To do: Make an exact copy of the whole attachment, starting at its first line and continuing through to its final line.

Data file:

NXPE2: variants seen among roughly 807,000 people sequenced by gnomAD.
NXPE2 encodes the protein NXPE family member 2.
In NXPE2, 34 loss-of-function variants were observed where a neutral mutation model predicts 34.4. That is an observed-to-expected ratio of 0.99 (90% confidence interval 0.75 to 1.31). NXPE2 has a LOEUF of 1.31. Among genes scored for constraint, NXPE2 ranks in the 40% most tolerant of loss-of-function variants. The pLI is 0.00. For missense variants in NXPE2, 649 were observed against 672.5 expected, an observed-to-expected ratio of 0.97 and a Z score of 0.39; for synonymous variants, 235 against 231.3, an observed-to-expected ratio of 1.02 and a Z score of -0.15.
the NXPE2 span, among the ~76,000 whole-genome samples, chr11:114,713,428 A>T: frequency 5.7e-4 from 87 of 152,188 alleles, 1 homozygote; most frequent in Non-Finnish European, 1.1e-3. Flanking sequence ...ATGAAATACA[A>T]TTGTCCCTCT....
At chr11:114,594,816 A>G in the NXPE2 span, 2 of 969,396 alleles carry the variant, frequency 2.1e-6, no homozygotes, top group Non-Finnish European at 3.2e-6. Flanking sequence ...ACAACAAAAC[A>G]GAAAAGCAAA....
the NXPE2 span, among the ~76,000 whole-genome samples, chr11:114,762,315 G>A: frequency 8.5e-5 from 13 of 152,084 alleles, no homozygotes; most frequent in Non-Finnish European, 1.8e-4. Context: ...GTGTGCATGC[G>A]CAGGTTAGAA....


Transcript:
NXPE2: variants seen among roughly 807,000 people sequenced by gnomAD.
NXPE2 encodes the protein NXPE family member 2.
In NXPE2, 34 loss-of-function variants were observed where a neutral mutation model predicts 34.4. That is an observed-to-expected ratio of 0.99 (90% confidence interval 0.75 to 1.31). NXPE2 has a LOEUF of 1.31. Among genes scored for constraint, NXPE2 ranks in the 40% most tolerant of loss-of-function variants. The pLI is 0.00. For missense variants in NXPE2, 649 were observed against 672.5 expected, an observed-to-expected ratio of 0.97 and a Z score of 0.39; for synonymous variants, 235 against 231.3, an observed-to-expected ratio of 1.02 and a Z score of -0.15.
the NXPE2 span, among the ~76,000 whole-genome samples, chr11:114,713,428 A>T: frequency 5.7e-4 from 87 of 152,188 alleles, 1 homozygote; most frequent in Non-Finnish European, 1.1e-3. Flanking sequence ...ATGAAATACA[A>T]TTGTCCCTCT....
At chr11:114,594,816 A>G in the NXPE2 span, 2 of 969,396 alleles carry the variant, frequency 2.1e-6, no homozygotes, top group Non-Finnish European at 3.2e-6. Flanking sequence ...ACAACAAAAC[A>G]GAAAAGCAAA....
the NXPE2 span, among the ~76,000 whole-genome samples, chr11:114,762,315 G>A: frequency 8.5e-5 from 13 of 152,084 alleles, no homozygotes; most frequent in Non-Finnish European, 1.8e-4. Context: ...GTGTGCATGC[G>A]CAGGTTAGAA....